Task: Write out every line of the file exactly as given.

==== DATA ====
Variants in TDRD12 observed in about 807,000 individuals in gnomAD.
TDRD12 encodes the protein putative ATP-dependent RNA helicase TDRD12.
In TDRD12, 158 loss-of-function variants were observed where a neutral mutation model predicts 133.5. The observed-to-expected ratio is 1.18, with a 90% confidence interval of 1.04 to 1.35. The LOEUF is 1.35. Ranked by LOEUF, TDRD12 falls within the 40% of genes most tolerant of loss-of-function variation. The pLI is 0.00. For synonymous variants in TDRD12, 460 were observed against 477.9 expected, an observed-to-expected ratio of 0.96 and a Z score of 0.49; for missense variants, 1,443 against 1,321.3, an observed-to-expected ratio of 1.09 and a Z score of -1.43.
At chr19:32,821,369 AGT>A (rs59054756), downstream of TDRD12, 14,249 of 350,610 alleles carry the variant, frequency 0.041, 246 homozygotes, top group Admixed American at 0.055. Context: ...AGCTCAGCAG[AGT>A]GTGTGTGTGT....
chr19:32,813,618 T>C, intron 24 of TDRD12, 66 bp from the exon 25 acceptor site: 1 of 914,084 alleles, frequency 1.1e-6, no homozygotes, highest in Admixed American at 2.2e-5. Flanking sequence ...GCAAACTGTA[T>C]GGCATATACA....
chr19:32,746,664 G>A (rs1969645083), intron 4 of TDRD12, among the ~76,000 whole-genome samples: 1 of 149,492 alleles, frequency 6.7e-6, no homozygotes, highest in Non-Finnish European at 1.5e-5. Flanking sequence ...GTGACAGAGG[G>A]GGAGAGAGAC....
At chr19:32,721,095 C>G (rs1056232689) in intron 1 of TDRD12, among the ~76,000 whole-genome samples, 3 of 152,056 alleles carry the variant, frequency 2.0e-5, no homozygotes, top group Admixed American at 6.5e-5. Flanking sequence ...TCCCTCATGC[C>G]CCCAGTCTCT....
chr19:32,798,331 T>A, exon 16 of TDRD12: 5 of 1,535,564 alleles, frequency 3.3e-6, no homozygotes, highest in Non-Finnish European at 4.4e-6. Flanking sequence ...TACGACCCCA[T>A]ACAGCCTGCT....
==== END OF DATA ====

Variants in TDRD12 observed in about 807,000 individuals in gnomAD.
TDRD12 encodes the protein putative ATP-dependent RNA helicase TDRD12.
In TDRD12, 158 loss-of-function variants were observed where a neutral mutation model predicts 133.5. The observed-to-expected ratio is 1.18, with a 90% confidence interval of 1.04 to 1.35. The LOEUF is 1.35. Ranked by LOEUF, TDRD12 falls within the 40% of genes most tolerant of loss-of-function variation. The pLI is 0.00. For synonymous variants in TDRD12, 460 were observed against 477.9 expected, an observed-to-expected ratio of 0.96 and a Z score of 0.49; for missense variants, 1,443 against 1,321.3, an observed-to-expected ratio of 1.09 and a Z score of -1.43.
At chr19:32,821,369 AGT>A (rs59054756), downstream of TDRD12, 14,249 of 350,610 alleles carry the variant, frequency 0.041, 246 homozygotes, top group Admixed American at 0.055. Context: ...AGCTCAGCAG[AGT>A]GTGTGTGTGT....
chr19:32,813,618 T>C, intron 24 of TDRD12, 66 bp from the exon 25 acceptor site: 1 of 914,084 alleles, frequency 1.1e-6, no homozygotes, highest in Admixed American at 2.2e-5. Flanking sequence ...GCAAACTGTA[T>C]GGCATATACA....
chr19:32,746,664 G>A (rs1969645083), intron 4 of TDRD12, among the ~76,000 whole-genome samples: 1 of 149,492 alleles, frequency 6.7e-6, no homozygotes, highest in Non-Finnish European at 1.5e-5. Flanking sequence ...GTGACAGAGG[G>A]GGAGAGAGAC....
At chr19:32,721,095 C>G (rs1056232689) in intron 1 of TDRD12, among the ~76,000 whole-genome samples, 3 of 152,056 alleles carry the variant, frequency 2.0e-5, no homozygotes, top group Admixed American at 6.5e-5. Flanking sequence ...TCCCTCATGC[C>G]CCCAGTCTCT....
chr19:32,798,331 T>A, exon 16 of TDRD12: 5 of 1,535,564 alleles, frequency 3.3e-6, no homozygotes, highest in Non-Finnish European at 4.4e-6. Flanking sequence ...TACGACCCCA[T>A]ACAGCCTGCT....